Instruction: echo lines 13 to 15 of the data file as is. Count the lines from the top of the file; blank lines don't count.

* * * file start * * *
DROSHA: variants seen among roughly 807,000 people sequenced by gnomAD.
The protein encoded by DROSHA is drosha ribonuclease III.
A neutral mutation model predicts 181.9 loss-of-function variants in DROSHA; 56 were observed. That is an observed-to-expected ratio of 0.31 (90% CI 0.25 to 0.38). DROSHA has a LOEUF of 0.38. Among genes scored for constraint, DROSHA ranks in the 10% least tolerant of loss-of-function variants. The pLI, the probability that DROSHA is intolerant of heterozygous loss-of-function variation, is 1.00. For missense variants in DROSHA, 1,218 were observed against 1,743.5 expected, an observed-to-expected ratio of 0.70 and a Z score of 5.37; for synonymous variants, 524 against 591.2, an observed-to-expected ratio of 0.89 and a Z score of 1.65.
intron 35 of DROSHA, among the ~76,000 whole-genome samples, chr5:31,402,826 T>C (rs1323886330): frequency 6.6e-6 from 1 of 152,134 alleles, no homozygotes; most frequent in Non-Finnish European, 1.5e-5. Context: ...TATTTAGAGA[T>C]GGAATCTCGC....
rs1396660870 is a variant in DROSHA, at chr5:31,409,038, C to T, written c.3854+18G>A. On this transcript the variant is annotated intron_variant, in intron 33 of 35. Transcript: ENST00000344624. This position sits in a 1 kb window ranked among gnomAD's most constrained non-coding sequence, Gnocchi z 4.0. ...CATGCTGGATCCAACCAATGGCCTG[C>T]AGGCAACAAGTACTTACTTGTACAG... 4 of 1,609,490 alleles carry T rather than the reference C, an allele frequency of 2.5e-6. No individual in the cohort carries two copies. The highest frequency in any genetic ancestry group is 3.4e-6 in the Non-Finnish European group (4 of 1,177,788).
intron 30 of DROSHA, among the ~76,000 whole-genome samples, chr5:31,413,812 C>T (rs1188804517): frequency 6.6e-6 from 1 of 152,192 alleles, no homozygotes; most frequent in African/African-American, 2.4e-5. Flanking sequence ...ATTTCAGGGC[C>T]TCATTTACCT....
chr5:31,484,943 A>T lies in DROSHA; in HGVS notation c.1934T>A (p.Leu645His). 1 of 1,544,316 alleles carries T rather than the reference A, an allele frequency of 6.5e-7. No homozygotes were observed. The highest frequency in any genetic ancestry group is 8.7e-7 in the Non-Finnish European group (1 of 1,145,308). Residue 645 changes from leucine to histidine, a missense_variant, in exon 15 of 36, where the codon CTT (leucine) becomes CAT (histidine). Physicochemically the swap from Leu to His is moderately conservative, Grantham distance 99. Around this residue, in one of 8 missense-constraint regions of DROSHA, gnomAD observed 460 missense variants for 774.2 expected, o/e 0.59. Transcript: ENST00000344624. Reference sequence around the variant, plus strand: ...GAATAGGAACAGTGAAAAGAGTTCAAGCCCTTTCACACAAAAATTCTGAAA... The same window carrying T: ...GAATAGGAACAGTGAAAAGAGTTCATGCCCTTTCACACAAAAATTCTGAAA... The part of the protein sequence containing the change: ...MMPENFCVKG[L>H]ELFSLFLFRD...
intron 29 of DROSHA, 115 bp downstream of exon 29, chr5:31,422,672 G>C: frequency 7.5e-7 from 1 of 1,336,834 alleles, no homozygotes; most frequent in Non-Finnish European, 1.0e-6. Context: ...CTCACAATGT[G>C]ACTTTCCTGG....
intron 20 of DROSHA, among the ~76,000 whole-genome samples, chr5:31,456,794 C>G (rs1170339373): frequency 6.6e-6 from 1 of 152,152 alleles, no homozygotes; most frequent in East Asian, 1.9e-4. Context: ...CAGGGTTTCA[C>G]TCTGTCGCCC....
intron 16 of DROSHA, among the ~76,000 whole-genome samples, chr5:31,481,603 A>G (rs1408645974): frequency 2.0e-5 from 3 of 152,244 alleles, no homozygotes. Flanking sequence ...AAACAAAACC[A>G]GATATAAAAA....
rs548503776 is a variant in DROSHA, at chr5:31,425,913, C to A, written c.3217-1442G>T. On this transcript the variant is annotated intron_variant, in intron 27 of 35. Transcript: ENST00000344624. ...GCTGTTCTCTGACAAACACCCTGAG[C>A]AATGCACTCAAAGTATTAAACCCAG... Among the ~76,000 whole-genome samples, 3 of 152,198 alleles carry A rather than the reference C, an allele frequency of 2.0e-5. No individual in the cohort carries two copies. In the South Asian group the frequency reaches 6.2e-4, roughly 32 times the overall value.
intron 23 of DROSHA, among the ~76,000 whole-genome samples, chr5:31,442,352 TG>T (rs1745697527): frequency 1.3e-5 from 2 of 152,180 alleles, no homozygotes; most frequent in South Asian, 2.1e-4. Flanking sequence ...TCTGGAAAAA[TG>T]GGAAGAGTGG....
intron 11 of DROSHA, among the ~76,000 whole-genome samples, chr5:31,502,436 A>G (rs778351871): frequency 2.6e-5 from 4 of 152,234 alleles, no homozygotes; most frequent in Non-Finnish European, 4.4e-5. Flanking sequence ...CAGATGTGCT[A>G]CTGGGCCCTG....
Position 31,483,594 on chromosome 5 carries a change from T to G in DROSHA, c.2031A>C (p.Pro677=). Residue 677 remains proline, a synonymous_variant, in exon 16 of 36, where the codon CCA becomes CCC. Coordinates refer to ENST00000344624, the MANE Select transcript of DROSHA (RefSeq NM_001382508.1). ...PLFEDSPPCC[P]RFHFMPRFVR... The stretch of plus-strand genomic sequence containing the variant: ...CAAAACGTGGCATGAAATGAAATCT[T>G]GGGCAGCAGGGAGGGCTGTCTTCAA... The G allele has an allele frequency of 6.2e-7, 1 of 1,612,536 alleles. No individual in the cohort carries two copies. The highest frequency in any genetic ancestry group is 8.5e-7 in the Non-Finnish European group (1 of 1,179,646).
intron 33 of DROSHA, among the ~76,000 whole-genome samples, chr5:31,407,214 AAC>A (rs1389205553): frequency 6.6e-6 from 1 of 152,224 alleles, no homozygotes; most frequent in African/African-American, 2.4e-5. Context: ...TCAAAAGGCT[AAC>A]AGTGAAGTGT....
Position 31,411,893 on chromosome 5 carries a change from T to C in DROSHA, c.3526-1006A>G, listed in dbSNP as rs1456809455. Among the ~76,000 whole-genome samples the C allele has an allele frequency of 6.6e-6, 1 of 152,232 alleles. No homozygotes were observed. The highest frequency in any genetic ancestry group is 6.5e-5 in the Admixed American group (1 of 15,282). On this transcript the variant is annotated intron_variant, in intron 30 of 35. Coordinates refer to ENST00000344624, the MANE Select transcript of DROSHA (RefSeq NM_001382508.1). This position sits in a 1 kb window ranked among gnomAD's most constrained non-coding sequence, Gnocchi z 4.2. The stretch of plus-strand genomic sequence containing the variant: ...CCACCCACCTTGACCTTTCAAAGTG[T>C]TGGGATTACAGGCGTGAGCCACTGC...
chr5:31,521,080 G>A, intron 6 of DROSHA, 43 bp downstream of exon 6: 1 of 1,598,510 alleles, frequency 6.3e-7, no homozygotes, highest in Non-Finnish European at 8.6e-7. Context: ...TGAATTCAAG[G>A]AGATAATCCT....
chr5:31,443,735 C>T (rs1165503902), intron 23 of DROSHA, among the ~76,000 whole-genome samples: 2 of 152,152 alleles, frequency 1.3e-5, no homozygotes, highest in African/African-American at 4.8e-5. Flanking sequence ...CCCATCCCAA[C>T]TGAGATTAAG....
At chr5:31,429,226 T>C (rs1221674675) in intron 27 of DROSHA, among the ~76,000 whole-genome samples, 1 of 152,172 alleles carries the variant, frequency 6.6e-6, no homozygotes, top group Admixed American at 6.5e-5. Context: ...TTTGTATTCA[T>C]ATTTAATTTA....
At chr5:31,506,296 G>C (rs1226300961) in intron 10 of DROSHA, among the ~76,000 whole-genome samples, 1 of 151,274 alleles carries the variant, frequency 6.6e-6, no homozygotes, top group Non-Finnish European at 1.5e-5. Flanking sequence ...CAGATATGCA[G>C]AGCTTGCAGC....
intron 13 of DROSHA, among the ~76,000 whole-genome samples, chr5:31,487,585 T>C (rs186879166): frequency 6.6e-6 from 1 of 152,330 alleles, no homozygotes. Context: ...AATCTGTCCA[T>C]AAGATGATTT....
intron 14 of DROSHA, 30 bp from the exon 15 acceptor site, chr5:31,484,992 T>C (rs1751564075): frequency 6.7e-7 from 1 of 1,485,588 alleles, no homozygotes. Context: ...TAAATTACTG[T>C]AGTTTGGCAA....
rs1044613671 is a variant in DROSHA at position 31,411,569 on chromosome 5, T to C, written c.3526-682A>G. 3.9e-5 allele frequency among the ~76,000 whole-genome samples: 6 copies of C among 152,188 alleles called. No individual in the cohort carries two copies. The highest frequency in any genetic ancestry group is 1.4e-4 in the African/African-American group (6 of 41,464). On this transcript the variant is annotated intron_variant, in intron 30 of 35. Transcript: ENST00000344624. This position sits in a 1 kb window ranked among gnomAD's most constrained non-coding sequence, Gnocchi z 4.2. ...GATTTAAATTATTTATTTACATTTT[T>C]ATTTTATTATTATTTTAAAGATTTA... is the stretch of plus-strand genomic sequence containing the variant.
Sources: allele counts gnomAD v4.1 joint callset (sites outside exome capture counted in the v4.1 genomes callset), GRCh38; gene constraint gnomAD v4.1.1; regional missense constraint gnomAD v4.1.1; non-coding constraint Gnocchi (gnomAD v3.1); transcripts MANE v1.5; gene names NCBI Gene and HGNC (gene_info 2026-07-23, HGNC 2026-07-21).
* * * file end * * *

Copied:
intron 11 of DROSHA, among the ~76,000 whole-genome samples, chr5:31,502,436 A>G (rs778351871): frequency 2.6e-5 from 4 of 152,234 alleles, no homozygotes; most frequent in Non-Finnish European, 4.4e-5. Flanking sequence ...CAGATGTGCT[A>G]CTGGGCCCTG....
Position 31,483,594 on chromosome 5 carries a change from T to G in DROSHA, c.2031A>C (p.Pro677=). Residue 677 remains proline, a synonymous_variant, in exon 16 of 36, where the codon CCA becomes CCC. Coordinates refer to ENST00000344624, the MANE Select transcript of DROSHA (RefSeq NM_001382508.1). ...PLFEDSPPCC[P]RFHFMPRFVR... The stretch of plus-strand genomic sequence containing the variant: ...CAAAACGTGGCATGAAATGAAATCT[T>G]GGGCAGCAGGGAGGGCTGTCTTCAA... The G allele has an allele frequency of 6.2e-7, 1 of 1,612,536 alleles. No individual in the cohort carries two copies. The highest frequency in any genetic ancestry group is 8.5e-7 in the Non-Finnish European group (1 of 1,179,646).
intron 33 of DROSHA, among the ~76,000 whole-genome samples, chr5:31,407,214 AAC>A (rs1389205553): frequency 6.6e-6 from 1 of 152,224 alleles, no homozygotes; most frequent in African/African-American, 2.4e-5. Context: ...TCAAAAGGCT[AAC>A]AGTGAAGTGT....